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From the work of Lott--Villani and Sturm, I know that the following fact holds:

(*) Suppose that $(M_k,g_k,dvol_{g_k})$ is a sequence of compact Riemannian manifolds of non-negative Ricci curvature that converges in the measured Gromov--Hausdorff sense to $(M_\infty,g_\infty,dvol_{g_\infty})$, which is a smooth Riemannian manifold. Then $(M_\infty,g_\infty)$ also has non-negative Ricci curvature.

The proof I have in mind goes like: $(M_k,g_k,dvol_{g_k})$ has non-negative Ricci curvature in the weak optimal transport sense. This is preserved under measured Gromov--Hausdorff convergence. Hence $(M_\infty,g_\infty,dvol_{g_\infty})$ has non-negative Ricci curvature in the optimal transport sense. Because it is smooth, this then implies that it has non-negative Ricci curvature in the usual sense.

I think, however, that this fact was known long before the optimal transport interpretation of Ricci lower bounds (there were lots of works on GH convergence and lower Ricci bounds, e.g. Cheeger and Colding had a sequence of papers studying the regularity of such limits (the first one is here). However, I could not find a reference for this. So, my question is:

Can (*) be proven without the optimal transport theory?

EDIT: It seems like there was some ambiguity in my question, as I did not specify if the sequence was allowed to collapse to a lower dimension. I had the case of non-collapsing in mind, but am very interested in the general case as well. So, to summarize, I believe that the non-collapsing case (i.e. $M_k$ and $M_\infty$ have the same dimension), there was a well known proof, while in the collapsed case, optimal transport provided the first proof.

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    $\begingroup$ I had the idea that this was not known before, and in fact the most concrete consequence of Lott-Villani-Sturm's work (as we do not have plenty of non-manifolds satisfying CD(k,N) and the like). But I may very well be wrong; did you check whether Lott Villani and Sturm allude something about this application of their work? $\endgroup$ Mar 22, 2014 at 18:45
  • $\begingroup$ Hi Benoit! I guess its possible you are right: e.g. Lott--Villani do include this as Corollary 0.14 in their paper. $\endgroup$ Mar 22, 2014 at 19:24
  • $\begingroup$ @BenoîtKloeckner, if you want to add this as an answer, I'll wait a few days to see if anyone has any other ideas and accept yours if not! $\endgroup$ Mar 22, 2014 at 22:12

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Let me try to prove it.

Let $M$ be an $m$-dimensional Riemannian manifold. Set $$f_p(z)=\frac{|p-z|_M^2}2,$$ where $|p-z|_M$ denotes the distance from $p$ to $z$ in $M$.

Note that $M$ has nonnegative Ricci curvature if and only if $$(\Delta f_p)(x)\le m$$ for any $p$ and $x\in M$. The later means that for the integral $$\int\limits_{B_r(x)}f_p(z)\cdot d_z\mathrm{vol}$$ the comparison inequality holds, i.e., if $\tilde p,\tilde x\in\mathbb{E}^m$ and $f_{\tilde p}(\tilde x)=f_{p}(x)$ then $$\int\limits_{B_r(x)\subset M}f_p(z)\cdot d_z\mathrm{vol} \le \int\limits_{B_r(\tilde x)\subset \mathbb{E}^m}f_{\tilde p}(\tilde z)\cdot d_{\tilde z}\mathrm{vol}.$$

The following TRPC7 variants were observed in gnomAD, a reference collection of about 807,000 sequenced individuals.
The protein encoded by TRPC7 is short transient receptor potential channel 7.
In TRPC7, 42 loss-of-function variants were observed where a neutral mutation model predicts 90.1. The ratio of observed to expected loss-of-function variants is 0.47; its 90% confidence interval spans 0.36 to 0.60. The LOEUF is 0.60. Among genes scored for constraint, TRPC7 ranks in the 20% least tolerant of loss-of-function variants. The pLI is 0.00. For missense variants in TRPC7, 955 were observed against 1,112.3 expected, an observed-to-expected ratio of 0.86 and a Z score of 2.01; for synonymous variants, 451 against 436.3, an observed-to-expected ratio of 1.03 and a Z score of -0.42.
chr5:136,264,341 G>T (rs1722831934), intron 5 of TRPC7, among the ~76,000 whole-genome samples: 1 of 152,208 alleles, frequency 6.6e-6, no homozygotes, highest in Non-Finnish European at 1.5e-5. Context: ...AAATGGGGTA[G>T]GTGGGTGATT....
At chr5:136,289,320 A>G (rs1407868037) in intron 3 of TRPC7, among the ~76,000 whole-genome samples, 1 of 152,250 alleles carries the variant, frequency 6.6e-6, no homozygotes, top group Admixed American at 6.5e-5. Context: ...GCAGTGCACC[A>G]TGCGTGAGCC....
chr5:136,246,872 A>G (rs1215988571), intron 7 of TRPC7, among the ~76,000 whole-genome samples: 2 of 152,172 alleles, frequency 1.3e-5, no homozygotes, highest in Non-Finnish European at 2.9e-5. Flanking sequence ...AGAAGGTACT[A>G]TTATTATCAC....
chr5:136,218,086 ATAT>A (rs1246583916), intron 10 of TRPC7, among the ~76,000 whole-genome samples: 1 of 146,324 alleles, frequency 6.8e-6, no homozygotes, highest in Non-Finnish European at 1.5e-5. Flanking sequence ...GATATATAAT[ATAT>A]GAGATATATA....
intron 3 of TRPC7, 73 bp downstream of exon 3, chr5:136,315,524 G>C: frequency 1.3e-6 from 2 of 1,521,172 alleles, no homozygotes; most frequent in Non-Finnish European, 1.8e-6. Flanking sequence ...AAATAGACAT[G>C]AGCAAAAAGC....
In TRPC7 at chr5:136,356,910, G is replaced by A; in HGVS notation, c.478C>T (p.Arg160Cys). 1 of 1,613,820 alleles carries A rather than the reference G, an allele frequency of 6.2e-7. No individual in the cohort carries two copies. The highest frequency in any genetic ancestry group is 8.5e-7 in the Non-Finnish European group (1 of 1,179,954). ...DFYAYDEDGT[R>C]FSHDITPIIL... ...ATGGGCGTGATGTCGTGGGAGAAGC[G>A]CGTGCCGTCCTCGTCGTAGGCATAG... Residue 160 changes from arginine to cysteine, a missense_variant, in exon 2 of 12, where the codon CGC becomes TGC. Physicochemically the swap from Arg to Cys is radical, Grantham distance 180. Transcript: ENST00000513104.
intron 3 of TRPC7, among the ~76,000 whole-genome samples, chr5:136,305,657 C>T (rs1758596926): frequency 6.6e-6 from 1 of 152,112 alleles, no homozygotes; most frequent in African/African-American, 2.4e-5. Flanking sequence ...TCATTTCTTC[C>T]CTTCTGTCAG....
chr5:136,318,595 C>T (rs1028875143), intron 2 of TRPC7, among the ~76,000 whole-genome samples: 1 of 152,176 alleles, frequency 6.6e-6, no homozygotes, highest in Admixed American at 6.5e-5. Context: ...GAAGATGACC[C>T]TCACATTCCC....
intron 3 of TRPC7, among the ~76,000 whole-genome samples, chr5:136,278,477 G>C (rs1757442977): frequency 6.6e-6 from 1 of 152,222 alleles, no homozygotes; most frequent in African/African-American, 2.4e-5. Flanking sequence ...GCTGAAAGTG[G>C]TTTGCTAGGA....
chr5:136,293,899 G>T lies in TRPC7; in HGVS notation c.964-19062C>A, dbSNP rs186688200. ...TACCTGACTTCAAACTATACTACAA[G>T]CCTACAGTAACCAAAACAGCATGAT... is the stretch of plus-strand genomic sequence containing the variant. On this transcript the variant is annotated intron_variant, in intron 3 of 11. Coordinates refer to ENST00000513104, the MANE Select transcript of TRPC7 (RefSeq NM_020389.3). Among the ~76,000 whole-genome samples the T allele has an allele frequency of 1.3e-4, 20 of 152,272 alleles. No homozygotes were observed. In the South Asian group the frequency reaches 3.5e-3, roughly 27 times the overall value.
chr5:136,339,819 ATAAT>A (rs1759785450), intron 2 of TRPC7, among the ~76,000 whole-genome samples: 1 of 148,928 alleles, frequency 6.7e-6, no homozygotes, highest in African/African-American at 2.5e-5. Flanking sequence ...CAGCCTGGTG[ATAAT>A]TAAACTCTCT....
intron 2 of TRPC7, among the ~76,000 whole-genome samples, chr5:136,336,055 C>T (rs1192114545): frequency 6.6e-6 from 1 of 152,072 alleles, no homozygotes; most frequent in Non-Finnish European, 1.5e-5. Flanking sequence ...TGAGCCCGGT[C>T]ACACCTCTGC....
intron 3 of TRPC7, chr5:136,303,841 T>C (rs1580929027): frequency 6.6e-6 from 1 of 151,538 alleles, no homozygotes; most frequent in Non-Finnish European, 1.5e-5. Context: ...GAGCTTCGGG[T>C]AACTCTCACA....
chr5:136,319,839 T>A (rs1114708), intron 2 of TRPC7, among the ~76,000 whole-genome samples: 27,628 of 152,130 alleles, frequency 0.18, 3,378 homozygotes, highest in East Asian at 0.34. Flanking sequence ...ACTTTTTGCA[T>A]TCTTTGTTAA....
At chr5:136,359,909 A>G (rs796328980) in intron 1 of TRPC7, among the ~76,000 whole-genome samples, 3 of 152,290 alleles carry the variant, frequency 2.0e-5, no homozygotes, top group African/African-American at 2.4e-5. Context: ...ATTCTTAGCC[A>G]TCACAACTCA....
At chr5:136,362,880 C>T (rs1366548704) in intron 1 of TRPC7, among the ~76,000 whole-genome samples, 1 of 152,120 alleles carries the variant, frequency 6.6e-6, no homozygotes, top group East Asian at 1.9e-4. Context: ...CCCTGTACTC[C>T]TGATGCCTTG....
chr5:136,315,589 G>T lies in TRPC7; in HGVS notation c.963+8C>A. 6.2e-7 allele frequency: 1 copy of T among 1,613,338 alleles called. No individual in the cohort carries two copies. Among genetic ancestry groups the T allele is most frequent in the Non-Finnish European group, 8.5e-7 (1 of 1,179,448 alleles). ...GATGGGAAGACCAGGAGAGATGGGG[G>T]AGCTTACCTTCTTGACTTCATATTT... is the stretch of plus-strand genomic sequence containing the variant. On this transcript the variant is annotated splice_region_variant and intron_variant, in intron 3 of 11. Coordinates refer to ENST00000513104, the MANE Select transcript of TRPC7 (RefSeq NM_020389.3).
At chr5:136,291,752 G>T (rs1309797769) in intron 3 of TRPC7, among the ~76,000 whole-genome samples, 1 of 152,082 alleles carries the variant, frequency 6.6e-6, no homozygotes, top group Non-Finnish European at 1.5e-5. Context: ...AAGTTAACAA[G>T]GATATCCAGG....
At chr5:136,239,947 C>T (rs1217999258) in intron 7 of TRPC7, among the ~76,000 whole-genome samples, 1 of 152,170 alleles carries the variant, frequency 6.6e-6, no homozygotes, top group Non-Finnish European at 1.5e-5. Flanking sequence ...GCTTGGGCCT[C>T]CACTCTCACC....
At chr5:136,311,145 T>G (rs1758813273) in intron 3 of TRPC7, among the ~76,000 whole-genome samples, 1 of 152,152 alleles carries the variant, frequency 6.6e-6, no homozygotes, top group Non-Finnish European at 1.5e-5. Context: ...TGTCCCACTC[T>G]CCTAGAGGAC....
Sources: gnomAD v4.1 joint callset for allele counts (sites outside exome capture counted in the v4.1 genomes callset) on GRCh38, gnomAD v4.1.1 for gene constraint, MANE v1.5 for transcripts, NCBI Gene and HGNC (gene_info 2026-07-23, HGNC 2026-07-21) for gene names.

The last inequality survives in measured Gromov--Hausdorff limit.

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  • $\begingroup$ P.S. also, it should be known that if $m$-dimensional manifolds with lower bound for Ricci curvature GH-converge to an $m$-dimensional manifold then it converges in measured Gromov--Hausdorff sense. It is Colding's result if I remember right, likely he also proved the statement you asked. $\endgroup$ Mar 23, 2014 at 19:31
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    $\begingroup$ Thanks! This is excellent. I believe jstor.org/stable/2951841 is the paper you mean. $\endgroup$ Mar 23, 2014 at 22:21
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    $\begingroup$ @AntonPetrunin, I spoke to John Lott, who remarked that there is an ambiguity in what the OP is after. The easy case is where the manifolds are of the same dimension. But his proof can handle the case where the limiting manifold has a different dimension (and for which he is unaware of an alternative proof). $\endgroup$ Mar 24, 2014 at 7:05
  • $\begingroup$ @ChrisGerig, thanks for your comment! I was thinking of "easy case" when I asked the question, but am interested in general! $\endgroup$ Mar 24, 2014 at 14:08
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    $\begingroup$ @ChrisGerig, I do not see ambiguity in the question. In fact it takes some effort to formulate the collapsing version of the statement without optimal transport (try to do this). $\endgroup$ Mar 24, 2014 at 17:51
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(As asked, I make my comment into an answer, completing it with the OP's comment)

As far as I know, this result was not known before Lott-Villani and Sturm's works; it is included as Corollary 0.14 in Lott-Villani's article.

As we do not know a lot of spaces satisfying the Ricci lower bounds defined by this theory, apart from manifolds and Alexandrov spaces, this is currently the most concrete application of these works.

Added: for clarity, I stress here the comment of Chris Gerig to Anton Petrunin's answer: Lott-Villani and Sturm's prove that the result holds even if the limiting manifold is of different dimension than the converging manifolds.

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  • $\begingroup$ I added a remark in the question. Thanks for your answer! I apologize for the ambiguity in my question. $\endgroup$ Mar 24, 2014 at 14:18

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